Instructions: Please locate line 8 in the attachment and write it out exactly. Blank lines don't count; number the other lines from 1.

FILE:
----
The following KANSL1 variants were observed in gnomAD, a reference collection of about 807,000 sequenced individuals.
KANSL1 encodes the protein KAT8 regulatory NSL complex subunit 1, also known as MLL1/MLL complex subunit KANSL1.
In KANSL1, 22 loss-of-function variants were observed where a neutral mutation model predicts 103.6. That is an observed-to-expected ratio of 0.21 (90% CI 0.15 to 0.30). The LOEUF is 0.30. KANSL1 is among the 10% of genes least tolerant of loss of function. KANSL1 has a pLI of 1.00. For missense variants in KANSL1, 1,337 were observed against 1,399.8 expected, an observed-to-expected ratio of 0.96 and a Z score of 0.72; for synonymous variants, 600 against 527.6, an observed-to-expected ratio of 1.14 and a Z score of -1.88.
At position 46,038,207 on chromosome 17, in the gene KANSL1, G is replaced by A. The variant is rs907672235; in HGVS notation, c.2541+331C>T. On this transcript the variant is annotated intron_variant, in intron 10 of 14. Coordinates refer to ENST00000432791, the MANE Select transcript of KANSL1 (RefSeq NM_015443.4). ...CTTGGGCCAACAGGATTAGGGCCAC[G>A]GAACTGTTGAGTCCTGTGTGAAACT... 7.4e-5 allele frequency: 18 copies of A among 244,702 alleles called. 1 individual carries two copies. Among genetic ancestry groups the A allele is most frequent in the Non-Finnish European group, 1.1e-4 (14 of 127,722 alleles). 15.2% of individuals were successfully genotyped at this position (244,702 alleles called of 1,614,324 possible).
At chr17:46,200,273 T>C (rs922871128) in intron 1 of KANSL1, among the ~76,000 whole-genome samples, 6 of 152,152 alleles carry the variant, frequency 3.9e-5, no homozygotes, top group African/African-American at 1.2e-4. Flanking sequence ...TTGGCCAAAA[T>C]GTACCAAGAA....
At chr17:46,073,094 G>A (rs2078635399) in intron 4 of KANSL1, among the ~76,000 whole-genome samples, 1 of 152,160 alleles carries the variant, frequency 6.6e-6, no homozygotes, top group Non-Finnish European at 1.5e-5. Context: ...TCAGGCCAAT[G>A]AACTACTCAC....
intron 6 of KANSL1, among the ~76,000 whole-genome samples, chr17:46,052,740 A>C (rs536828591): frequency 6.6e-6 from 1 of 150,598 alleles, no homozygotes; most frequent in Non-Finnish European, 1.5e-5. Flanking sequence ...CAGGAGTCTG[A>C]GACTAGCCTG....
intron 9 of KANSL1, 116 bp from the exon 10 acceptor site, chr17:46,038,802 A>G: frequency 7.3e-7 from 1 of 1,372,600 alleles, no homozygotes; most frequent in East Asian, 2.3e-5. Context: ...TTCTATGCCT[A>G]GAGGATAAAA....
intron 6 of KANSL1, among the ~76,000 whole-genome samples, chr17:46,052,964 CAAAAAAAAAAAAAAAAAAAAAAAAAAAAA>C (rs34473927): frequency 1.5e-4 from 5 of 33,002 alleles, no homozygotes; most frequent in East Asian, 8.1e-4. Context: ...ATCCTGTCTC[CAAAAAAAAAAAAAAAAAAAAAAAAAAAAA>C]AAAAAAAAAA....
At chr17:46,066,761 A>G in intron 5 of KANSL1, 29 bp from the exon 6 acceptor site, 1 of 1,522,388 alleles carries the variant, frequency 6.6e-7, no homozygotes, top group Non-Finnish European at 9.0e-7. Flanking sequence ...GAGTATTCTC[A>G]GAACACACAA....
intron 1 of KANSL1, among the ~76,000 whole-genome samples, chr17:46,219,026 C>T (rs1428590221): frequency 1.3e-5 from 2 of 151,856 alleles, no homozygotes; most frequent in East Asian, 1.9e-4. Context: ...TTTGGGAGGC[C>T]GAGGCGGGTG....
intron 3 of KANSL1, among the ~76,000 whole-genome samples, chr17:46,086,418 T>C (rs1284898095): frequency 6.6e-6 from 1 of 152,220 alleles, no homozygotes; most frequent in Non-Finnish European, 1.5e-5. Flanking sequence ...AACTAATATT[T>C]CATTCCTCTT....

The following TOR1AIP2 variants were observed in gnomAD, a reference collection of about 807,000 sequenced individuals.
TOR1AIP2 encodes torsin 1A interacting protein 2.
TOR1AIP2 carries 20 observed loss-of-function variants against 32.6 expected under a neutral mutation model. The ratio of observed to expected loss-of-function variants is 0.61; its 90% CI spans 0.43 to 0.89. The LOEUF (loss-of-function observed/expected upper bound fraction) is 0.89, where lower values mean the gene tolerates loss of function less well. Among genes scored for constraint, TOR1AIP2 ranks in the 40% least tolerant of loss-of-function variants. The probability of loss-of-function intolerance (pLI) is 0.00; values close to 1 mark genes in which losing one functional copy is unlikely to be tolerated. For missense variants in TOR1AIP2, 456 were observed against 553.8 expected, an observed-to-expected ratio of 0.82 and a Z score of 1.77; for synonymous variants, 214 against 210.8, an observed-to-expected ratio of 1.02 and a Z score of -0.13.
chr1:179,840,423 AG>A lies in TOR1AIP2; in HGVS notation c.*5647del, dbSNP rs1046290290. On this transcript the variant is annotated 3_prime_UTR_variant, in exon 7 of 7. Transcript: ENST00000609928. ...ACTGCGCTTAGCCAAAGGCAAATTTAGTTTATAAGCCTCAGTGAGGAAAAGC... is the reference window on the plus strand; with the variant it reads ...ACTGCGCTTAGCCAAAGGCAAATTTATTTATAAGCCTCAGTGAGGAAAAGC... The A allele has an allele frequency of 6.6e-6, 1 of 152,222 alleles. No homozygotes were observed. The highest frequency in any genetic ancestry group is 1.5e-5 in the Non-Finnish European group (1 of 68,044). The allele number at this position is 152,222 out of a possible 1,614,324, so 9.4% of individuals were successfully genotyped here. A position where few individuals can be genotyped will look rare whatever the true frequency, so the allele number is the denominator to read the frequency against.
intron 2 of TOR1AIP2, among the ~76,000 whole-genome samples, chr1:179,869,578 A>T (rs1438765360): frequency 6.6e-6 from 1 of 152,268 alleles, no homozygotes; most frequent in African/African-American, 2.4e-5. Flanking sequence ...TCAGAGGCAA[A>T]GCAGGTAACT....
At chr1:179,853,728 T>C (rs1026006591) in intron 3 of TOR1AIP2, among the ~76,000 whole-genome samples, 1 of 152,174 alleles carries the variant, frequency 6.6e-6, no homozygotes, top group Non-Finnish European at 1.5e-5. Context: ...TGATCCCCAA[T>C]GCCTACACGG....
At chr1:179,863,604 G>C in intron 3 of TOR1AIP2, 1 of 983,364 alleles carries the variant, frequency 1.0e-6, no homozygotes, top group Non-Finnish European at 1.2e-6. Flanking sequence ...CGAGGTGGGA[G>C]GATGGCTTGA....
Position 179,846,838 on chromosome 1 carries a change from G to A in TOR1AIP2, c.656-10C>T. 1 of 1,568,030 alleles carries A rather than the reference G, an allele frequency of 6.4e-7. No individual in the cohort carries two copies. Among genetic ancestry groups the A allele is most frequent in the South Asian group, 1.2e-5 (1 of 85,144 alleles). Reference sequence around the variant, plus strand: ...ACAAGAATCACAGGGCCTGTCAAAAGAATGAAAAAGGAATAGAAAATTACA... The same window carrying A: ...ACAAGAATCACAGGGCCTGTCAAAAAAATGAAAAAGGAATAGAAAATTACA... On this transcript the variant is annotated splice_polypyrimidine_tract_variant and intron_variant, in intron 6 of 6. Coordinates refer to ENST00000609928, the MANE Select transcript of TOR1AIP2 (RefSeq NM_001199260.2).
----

intron 9 of KANSL1, 116 bp from the exon 10 acceptor site, chr17:46,038,802 A>G: frequency 7.3e-7 from 1 of 1,372,600 alleles, no homozygotes; most frequent in East Asian, 2.3e-5. Context: ...TTCTATGCCT[A>G]GAGGATAAAA....